Spear carrier exits to laughter

Peter Geofroy Holt Tory, October 3rd 1939 – October 9th 2012

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ASHLEY WALTON reports on the memorial service for the former editor of the William Hickey column held at St Bride's Church, Fleet Street, on April 18th, 2013

Peter Tory's St Bride's Memorial was a delightful and moving mixture of theatre and Fleet Street, with beautiful music, lots of laughter and even a touch of Shakespeare.

It was a fitting farewell to a man described as more actor than journalist, not a "proper reporter", but a gentle, kind and generous man, who above all was very funny.

David Tory described his brother as "always an actor, always an entertainer, a keen fisherman who never caught anything because he couldn't bear to kill his catch. He was a superb raconteur who loved Shakespeare."

When Peter, a good looking chap, joined the RSC Edith ("a handbaag!") Evans was said to have remarked: "God, I wish I were 70 again!"

Peter worked for the Mirror, was William Hickey on the Express and a columnist on the Daily Star (a period in which he was famously likened to a "piccolo player in a Rastafarian band") before rejoining the Express to write many witty and memorable pieces.

Jeanette Bishop, who first met Peter in 1980 when she went to work for him on the Hickey page and moved together to the Star, said: "Peter was an absolute joy to work for, we became firm friends and remained so for more than 30 years until the end."

She read two excepts from his Express column of the late 90s to remind us of that wonderful, whimsical sense of humour:

"There seems to be no end to the spread of this hideous epidemic of pointless social kissing. The habit, so it occurs to me after several months in America, has now become a major aggravation and is a good reason not to go out at all.

"The truth is we all loathe it, but we're trapped. At least you once had a choice. Now it is deemed inexcusably rude, if after a brief introduction to often unsavoury members of the opposite sex, you don't purse your lips like a tropical fish and engage in the required double-kiss ritual. One way or another, surely, the kissing has to stop. I blame Blair."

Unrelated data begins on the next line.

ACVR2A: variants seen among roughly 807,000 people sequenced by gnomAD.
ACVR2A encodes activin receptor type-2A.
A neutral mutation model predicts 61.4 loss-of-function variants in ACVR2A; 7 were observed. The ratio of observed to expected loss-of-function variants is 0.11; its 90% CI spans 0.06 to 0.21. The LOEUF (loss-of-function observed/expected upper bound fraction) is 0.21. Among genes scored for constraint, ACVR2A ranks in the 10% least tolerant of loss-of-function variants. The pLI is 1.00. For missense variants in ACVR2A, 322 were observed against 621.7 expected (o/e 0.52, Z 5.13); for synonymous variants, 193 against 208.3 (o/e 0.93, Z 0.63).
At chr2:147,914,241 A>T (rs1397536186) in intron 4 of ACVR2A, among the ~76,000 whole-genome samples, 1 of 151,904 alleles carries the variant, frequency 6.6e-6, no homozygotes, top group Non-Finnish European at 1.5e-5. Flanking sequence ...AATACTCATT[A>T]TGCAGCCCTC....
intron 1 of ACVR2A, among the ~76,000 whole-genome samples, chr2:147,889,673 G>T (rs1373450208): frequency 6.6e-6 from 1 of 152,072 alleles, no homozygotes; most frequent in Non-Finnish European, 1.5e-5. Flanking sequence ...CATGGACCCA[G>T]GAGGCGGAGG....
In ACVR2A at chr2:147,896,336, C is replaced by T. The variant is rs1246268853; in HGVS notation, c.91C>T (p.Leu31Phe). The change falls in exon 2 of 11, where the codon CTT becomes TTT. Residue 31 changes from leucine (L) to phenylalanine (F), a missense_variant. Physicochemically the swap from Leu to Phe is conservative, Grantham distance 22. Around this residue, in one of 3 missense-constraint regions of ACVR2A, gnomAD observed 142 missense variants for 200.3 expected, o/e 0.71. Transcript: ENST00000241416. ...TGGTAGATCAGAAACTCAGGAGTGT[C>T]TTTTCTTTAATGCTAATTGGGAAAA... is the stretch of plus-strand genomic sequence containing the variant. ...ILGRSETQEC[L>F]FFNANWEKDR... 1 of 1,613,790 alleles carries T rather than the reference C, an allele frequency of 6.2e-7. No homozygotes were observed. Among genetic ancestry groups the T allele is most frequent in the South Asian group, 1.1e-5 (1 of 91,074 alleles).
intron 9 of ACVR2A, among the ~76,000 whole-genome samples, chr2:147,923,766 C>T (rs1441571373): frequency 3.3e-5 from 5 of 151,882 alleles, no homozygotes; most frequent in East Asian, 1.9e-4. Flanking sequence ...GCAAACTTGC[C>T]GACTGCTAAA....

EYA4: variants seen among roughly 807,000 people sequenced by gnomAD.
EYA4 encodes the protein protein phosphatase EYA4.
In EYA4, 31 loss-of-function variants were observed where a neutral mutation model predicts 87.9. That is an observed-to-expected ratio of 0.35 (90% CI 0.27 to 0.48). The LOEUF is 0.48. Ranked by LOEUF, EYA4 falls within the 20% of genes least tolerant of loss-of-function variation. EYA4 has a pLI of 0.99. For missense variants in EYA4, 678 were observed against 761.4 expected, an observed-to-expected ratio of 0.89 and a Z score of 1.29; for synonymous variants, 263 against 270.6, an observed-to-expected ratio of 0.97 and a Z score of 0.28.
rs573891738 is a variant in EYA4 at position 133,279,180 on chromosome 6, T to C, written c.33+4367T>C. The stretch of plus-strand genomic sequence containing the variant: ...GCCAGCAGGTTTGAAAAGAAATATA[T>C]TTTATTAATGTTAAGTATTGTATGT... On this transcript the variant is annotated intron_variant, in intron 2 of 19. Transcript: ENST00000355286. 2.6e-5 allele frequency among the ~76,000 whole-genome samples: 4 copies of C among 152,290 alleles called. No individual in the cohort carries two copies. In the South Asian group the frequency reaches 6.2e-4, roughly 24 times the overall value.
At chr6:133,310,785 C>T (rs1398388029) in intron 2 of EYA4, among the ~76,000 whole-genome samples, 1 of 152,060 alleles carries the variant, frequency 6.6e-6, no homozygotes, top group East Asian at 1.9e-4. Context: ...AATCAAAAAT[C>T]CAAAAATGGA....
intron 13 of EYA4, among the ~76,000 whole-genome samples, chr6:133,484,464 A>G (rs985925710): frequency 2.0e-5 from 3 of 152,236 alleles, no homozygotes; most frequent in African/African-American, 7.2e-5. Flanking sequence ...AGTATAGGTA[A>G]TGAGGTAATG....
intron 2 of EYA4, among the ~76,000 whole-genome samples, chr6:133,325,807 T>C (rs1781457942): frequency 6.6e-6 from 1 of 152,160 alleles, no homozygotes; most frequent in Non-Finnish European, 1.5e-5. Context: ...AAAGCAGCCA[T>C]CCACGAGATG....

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After the laughter finally stopped, even the choir were in hysterics, Jeanette read Peter's take on the horror of cocktail parties full of strangers.

"We've all been there of course. We've all stood against the wall convinced that we are boring, charmless and ugly.

"Indeed there is most probably no more intense form of loneliness and rejection, however brief. There is little you can do, though I developed a technique over the years which I am happy to pass on. At least it gives the impression that you are occupied. The thing to do is constantly to move from one position to another within the crowd - a small sandwich in one hand, a glass of wine in the other - as if you are purposefully making your way to a friend on the other side of the room.  There is no friend needless to say.

"But then, you see, there is an important lesson here.  Most of the time, at a party or not, no one except your partner, your Mum and your cat, gives much thought about you anyway.

"I know of one or two people who think that all of life is a kind of social gathering in suspended animation until they make an entrance, deluding themselves that we all await in eager anticipation their glorious life enhancing presence. And it's THEY, damn it, who have no trouble at parties."

Former Mirror Editor Mike Molloy described Peter as "A perfect English gentleman".  He said Peter hated doing his expenses and finally gave up trying although "no one at Express Newspapers seemed to notice".

He said that Peter loved women, all women, and seemed to have the knack of learning their most intimate secrets.  He told how Peter suffered from deep depression all the time presenting himself to the world as a joker.

Robert Maxwell called the keen amateur pilot "Boggles" mishearing his office nickname of "Biggles".

In his last words to his partner Jacquie Govier, in August 2012, shortly before his death, Peter said: "I do hope you are well. I wish I could say the same for myself, but one mustn't be greedy about these things.  I have had a hundred lifetimes all pressed into 73 years service, so to complain would be chumpish. But we press on and prevail."

The last words went to Jacquie:

Sunday quiet, 

soft rain fall …

Distant birds

singularly call

Words gather-glide

like the sheets on this bed.

But here in this room

nothing is said.

You are not here

and my world is undressed

unable to wear

its Sunday best.

Jacqueline Govier, October 2012

The gathering afterwards at the Press House Wine Bar went on amid more laughter, until late afternoon. Peter, famous for his long lunches, wouldn't have had it any other way.

Peter Tory died on October 9th 2012 aged 73.

Not a journalist, just a resting actor – Mike Molloy's eulogy

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